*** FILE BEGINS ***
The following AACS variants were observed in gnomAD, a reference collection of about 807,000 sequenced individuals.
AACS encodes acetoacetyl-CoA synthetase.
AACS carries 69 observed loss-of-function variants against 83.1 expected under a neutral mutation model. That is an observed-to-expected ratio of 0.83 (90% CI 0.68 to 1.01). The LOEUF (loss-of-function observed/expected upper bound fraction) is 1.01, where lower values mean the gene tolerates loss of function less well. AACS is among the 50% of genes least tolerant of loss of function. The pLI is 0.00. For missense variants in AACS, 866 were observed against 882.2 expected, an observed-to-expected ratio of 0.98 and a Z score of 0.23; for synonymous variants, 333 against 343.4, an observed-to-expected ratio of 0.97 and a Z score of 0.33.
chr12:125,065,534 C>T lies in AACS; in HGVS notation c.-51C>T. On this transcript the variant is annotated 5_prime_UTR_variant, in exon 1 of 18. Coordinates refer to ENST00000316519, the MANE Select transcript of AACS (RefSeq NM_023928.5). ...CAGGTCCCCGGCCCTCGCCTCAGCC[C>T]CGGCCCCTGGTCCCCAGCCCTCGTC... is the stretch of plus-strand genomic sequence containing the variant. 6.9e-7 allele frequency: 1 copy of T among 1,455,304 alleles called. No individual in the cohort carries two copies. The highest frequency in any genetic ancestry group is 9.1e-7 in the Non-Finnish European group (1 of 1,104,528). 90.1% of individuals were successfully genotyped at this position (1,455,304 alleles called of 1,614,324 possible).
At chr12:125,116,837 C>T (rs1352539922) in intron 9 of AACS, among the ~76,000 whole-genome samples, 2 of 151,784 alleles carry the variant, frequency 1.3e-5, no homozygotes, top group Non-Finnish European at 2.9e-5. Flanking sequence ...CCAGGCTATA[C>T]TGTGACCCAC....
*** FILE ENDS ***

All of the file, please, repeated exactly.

The following AACS variants were observed in gnomAD, a reference collection of about 807,000 sequenced individuals.
AACS encodes acetoacetyl-CoA synthetase.
AACS carries 69 observed loss-of-function variants against 83.1 expected under a neutral mutation model. That is an observed-to-expected ratio of 0.83 (90% CI 0.68 to 1.01). The LOEUF (loss-of-function observed/expected upper bound fraction) is 1.01, where lower values mean the gene tolerates loss of function less well. AACS is among the 50% of genes least tolerant of loss of function. The pLI is 0.00. For missense variants in AACS, 866 were observed against 882.2 expected, an observed-to-expected ratio of 0.98 and a Z score of 0.23; for synonymous variants, 333 against 343.4, an observed-to-expected ratio of 0.97 and a Z score of 0.33.
chr12:125,065,534 C>T lies in AACS; in HGVS notation c.-51C>T. On this transcript the variant is annotated 5_prime_UTR_variant, in exon 1 of 18. Coordinates refer to ENST00000316519, the MANE Select transcript of AACS (RefSeq NM_023928.5). ...CAGGTCCCCGGCCCTCGCCTCAGCC[C>T]CGGCCCCTGGTCCCCAGCCCTCGTC... is the stretch of plus-strand genomic sequence containing the variant. 6.9e-7 allele frequency: 1 copy of T among 1,455,304 alleles called. No individual in the cohort carries two copies. The highest frequency in any genetic ancestry group is 9.1e-7 in the Non-Finnish European group (1 of 1,104,528). 90.1% of individuals were successfully genotyped at this position (1,455,304 alleles called of 1,614,324 possible).
At chr12:125,116,837 C>T (rs1352539922) in intron 9 of AACS, among the ~76,000 whole-genome samples, 2 of 151,784 alleles carry the variant, frequency 1.3e-5, no homozygotes, top group Non-Finnish European at 2.9e-5. Flanking sequence ...CCAGGCTATA[C>T]TGTGACCCAC....